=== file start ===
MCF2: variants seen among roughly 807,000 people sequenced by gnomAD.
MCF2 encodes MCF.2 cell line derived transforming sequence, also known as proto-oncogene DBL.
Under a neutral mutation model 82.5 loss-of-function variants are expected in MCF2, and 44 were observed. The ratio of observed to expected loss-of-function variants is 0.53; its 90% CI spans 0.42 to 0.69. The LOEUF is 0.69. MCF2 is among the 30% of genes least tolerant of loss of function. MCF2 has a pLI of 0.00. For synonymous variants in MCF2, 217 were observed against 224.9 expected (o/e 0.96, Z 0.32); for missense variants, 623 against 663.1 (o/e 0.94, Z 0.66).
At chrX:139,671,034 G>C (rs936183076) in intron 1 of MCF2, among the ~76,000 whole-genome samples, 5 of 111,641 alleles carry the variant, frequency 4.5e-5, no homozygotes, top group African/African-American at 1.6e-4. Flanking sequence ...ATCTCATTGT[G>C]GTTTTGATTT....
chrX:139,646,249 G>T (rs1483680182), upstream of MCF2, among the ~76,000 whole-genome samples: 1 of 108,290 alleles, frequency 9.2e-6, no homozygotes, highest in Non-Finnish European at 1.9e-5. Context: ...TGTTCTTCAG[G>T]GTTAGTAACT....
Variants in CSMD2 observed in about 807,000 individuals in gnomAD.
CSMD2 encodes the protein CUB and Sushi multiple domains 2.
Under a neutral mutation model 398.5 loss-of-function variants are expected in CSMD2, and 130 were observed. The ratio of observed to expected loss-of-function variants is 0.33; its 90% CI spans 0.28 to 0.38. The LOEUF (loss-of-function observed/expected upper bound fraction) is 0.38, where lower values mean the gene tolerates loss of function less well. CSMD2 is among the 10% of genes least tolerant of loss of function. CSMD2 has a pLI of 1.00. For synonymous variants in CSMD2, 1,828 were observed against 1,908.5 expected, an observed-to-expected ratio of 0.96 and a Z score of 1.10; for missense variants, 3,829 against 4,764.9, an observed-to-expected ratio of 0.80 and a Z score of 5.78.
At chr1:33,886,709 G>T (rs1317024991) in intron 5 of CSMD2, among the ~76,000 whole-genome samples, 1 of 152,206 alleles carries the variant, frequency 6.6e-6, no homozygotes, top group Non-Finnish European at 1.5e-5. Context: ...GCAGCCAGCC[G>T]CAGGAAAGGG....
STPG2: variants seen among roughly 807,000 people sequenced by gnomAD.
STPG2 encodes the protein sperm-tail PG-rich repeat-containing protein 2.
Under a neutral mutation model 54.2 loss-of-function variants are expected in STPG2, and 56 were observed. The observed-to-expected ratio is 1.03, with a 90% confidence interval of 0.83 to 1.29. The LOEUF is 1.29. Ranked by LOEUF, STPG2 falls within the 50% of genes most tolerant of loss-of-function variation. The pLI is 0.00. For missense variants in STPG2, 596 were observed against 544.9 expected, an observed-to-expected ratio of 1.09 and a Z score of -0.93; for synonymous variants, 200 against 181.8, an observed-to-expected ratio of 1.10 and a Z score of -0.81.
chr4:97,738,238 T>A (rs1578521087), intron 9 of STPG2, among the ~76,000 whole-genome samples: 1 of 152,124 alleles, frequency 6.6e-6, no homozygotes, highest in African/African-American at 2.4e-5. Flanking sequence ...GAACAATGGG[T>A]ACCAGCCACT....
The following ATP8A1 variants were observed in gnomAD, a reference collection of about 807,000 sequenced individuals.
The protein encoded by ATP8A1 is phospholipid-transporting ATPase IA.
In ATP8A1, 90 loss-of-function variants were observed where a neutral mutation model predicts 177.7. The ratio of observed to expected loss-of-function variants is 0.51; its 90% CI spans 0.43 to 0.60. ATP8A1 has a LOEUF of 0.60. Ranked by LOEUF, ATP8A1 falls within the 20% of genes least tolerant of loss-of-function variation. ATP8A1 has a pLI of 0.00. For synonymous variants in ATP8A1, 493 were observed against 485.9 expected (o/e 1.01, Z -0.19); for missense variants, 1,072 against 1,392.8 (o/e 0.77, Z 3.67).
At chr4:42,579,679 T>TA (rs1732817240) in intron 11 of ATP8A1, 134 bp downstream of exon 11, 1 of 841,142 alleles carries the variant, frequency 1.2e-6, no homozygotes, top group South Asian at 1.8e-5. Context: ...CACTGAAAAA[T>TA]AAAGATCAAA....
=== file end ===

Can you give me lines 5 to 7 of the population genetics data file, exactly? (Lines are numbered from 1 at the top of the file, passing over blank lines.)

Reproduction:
chrX:139,646,249 G>T (rs1483680182), upstream of MCF2, among the ~76,000 whole-genome samples: 1 of 108,290 alleles, frequency 9.2e-6, no homozygotes, highest in Non-Finnish European at 1.9e-5. Context: ...TGTTCTTCAG[G>T]GTTAGTAACT....
Variants in CSMD2 observed in about 807,000 individuals in gnomAD.
CSMD2 encodes the protein CUB and Sushi multiple domains 2.